Director of the acclaimed 'Time Out', writer-director Laurent Cantet chooses an unusual topic for his latest film - middle-aged women-turned-sex-tourists in Haiti at the end of the 1970s.

Ellen (Rampling) has been visiting the island for years, and does nothing to dispel the notion that she's the Queen of the Scene. Joining her down on the beach is French-Canadian Sue (Portal) and new arrival Brenda (Young), an American divorcee whose first visit to the island confirmed to her that her marriage was dead. The object of both Ellen and Brenda's affections is Legba (Cesar), a guileless charmer who finds himself embroiled in trouble involving a young female prostitute and the powers that be. And the three visitors are about to learn just how much trouble there can be in 'paradise'.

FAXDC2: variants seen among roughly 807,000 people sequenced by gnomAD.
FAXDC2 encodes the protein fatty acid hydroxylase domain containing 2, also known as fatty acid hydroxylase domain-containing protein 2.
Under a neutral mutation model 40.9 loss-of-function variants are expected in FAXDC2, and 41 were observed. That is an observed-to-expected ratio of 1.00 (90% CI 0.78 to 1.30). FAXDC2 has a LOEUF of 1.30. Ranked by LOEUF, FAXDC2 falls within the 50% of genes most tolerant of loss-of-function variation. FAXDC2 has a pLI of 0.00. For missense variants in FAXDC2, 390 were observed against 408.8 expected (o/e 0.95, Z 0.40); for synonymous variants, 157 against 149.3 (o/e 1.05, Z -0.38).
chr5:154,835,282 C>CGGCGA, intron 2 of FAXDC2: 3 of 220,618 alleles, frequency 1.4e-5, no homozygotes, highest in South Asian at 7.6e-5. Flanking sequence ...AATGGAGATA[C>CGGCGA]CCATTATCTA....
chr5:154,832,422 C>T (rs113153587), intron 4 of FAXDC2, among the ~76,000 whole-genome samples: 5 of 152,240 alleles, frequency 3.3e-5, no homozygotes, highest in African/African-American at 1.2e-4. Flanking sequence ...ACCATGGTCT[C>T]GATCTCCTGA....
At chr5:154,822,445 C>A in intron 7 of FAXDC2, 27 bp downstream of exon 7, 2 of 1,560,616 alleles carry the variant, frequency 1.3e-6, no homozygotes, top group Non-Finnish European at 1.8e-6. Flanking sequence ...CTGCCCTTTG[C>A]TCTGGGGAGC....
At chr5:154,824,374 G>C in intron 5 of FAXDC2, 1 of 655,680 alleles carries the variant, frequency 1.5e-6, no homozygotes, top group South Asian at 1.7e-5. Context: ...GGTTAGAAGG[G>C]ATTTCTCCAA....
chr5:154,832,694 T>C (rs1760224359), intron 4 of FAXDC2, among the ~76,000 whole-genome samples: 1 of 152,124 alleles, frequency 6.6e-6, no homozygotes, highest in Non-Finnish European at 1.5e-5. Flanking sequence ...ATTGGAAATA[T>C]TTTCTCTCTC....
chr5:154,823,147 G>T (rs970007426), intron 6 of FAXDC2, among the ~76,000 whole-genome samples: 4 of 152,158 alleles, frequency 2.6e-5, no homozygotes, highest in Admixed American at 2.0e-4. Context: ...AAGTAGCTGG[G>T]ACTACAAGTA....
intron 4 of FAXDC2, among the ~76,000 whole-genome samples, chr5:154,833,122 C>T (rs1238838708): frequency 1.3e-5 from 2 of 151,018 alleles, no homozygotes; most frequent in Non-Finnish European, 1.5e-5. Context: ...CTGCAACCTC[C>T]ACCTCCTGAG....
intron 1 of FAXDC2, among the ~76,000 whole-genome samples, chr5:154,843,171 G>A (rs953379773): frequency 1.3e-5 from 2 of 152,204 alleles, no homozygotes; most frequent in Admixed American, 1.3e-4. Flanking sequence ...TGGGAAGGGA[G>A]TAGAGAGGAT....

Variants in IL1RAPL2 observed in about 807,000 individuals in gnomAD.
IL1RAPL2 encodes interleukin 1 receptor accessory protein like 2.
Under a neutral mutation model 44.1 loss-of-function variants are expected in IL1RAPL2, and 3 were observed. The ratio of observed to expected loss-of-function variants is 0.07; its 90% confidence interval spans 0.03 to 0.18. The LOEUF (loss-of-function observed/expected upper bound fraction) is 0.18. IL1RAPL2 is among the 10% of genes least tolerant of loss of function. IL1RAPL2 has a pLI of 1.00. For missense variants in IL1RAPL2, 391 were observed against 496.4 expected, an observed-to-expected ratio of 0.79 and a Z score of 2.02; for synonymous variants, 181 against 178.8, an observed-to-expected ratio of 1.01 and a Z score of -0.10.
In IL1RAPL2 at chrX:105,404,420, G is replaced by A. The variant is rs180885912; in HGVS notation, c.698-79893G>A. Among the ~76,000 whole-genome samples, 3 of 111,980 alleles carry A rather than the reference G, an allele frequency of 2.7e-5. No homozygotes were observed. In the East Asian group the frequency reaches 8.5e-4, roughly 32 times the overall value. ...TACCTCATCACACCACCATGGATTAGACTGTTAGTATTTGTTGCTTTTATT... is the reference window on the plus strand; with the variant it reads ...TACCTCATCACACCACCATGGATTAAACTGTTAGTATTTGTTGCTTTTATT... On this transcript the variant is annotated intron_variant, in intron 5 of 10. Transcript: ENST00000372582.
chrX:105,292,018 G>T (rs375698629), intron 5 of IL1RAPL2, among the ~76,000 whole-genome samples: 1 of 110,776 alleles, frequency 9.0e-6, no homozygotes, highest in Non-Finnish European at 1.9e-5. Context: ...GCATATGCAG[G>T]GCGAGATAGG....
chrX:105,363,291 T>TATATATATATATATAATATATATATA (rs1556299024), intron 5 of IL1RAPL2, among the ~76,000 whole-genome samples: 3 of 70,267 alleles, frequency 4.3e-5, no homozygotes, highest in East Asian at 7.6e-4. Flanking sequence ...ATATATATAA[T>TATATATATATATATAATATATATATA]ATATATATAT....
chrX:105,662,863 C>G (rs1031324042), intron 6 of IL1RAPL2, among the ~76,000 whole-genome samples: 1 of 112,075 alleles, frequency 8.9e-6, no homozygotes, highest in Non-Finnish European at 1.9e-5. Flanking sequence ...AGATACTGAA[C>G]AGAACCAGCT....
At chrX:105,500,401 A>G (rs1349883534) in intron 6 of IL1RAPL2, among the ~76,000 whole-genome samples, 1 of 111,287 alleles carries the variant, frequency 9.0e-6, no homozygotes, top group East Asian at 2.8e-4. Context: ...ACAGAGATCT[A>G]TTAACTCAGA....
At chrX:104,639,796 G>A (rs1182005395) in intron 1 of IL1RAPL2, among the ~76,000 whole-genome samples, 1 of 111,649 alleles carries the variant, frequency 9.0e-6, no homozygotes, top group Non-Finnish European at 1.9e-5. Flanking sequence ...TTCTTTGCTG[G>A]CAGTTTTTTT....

Cantet has assembled a fine cast opposite Rampling for this film ('The Sopranos' regular Young, 'The Barbarian Invasions'' Louise Portal) but while 'Heading South' is an intriguing film, it's one that's more likely to leave you more cold than moved. Part of the problem is that the subplot involving Legba needed to be developed more and it is also hard to connect with the characters.

As Ellen, Rampling is excellent, but you don't warm to her; Young's Brenda sometimes grates and while Portal plays the most sympathetic and likeable of the three, she doesn't have enough scenes. The pieces-to-camera where the women discuss their experiences aren't developed to their full potential either.

For its contrast of the haves who can fly home with those who can't escape, 'Heading South' deserves praise. But, like its protagonists, you'll wish for something more.

Harry Guerin